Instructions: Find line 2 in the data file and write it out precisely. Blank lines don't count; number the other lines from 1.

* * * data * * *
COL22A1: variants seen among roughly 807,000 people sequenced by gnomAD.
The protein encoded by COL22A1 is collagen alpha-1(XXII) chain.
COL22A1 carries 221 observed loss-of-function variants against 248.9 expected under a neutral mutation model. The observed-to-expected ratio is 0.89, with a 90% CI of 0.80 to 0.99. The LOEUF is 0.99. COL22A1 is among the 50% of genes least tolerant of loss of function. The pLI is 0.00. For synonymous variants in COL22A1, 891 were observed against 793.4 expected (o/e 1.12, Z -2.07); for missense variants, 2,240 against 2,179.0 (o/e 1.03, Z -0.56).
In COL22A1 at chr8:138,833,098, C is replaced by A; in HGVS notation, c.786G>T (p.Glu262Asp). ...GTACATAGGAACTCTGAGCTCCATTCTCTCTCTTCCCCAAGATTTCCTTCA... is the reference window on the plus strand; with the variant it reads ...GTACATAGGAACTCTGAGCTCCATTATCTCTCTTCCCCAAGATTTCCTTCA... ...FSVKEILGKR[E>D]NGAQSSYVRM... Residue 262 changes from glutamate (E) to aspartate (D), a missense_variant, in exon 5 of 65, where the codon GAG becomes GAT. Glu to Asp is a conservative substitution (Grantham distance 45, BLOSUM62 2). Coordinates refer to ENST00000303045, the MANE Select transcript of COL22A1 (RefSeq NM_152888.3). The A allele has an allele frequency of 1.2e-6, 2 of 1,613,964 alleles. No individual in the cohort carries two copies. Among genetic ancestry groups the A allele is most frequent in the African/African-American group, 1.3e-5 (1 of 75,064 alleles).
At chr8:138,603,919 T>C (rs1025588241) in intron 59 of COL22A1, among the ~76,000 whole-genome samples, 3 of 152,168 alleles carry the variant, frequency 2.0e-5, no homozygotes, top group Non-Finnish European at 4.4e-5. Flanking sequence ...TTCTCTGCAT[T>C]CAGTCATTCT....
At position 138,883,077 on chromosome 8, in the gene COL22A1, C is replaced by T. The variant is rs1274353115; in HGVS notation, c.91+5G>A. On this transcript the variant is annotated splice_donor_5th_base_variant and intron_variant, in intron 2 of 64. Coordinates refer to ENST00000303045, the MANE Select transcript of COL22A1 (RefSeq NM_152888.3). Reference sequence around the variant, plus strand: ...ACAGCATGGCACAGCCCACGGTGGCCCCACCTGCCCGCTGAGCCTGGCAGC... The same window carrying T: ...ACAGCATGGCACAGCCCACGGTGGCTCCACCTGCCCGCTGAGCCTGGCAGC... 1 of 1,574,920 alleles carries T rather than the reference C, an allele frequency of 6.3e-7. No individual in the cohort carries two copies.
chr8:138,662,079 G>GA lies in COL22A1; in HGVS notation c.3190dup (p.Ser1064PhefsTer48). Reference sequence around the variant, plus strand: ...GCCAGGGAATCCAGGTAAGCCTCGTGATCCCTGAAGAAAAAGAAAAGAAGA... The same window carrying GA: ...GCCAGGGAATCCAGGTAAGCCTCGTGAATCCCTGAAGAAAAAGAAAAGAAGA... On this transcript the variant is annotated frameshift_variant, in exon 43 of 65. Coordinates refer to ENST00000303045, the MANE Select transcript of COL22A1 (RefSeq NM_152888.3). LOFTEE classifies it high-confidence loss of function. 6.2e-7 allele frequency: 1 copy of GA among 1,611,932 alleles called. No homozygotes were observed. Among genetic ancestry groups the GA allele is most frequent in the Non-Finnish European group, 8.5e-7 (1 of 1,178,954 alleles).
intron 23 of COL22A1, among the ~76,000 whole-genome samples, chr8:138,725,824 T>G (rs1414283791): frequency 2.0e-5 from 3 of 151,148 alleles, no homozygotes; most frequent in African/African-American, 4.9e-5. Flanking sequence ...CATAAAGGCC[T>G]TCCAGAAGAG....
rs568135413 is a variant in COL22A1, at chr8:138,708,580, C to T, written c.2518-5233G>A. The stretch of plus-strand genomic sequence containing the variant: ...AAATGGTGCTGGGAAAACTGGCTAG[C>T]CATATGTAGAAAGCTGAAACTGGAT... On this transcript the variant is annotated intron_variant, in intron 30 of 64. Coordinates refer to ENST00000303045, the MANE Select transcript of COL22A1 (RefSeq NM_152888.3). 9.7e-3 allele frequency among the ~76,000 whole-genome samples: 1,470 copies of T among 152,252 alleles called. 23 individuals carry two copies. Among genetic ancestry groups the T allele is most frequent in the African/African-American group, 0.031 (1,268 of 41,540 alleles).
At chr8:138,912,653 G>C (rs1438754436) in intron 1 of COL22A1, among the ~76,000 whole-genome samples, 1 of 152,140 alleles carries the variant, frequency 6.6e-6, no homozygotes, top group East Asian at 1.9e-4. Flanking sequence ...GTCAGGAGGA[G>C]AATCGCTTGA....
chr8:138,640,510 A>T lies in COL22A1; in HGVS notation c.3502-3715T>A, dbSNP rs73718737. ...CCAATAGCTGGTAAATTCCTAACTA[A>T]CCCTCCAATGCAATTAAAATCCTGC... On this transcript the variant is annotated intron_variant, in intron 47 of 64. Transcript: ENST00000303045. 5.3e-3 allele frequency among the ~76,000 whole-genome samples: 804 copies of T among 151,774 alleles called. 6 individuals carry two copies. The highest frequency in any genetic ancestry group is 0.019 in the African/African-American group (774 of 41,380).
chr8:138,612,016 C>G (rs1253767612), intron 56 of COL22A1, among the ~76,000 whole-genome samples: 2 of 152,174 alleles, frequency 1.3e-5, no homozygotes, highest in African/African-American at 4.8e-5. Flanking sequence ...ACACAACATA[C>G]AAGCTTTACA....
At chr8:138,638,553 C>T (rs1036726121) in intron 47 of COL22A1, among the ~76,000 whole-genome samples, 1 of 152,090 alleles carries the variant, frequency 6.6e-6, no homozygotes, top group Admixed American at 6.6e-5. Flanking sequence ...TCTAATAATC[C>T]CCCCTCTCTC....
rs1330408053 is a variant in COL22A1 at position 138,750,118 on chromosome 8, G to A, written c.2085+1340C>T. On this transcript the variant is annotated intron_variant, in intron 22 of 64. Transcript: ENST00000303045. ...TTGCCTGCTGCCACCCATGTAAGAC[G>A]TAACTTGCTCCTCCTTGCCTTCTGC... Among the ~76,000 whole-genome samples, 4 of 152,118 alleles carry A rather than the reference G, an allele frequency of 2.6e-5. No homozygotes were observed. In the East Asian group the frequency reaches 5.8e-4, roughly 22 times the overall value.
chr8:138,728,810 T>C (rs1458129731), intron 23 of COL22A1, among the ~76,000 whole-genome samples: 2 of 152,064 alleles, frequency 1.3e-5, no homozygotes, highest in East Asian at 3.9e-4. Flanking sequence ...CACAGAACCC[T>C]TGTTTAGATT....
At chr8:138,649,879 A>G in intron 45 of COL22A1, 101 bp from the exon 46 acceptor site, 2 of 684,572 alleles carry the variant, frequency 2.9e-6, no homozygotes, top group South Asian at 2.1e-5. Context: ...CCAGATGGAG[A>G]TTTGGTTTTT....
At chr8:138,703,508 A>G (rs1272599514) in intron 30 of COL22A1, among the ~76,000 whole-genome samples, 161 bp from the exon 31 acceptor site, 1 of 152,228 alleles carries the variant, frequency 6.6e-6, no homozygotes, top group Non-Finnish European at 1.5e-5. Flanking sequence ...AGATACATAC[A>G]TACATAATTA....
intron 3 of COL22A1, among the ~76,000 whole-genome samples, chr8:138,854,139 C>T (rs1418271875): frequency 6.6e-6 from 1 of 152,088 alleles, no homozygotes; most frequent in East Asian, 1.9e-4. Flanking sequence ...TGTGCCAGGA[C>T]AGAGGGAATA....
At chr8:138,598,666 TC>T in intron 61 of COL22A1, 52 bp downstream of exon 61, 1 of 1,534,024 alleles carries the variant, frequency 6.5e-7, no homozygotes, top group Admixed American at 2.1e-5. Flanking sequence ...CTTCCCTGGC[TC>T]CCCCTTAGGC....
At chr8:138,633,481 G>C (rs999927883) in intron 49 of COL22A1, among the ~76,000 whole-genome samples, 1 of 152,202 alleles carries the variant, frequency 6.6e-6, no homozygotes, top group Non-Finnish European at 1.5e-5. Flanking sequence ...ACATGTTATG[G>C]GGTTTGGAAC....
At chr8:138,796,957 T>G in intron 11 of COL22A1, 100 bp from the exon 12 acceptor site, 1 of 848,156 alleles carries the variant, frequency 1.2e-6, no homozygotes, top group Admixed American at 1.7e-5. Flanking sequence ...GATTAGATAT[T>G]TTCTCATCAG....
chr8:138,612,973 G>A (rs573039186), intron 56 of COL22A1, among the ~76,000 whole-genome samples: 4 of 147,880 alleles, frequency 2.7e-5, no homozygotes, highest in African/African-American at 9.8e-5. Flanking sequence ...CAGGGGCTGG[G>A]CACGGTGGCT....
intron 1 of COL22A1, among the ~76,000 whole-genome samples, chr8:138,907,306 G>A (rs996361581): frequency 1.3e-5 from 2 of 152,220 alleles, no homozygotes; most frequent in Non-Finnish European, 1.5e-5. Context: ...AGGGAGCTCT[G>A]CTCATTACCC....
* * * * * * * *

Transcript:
The protein encoded by COL22A1 is collagen alpha-1(XXII) chain.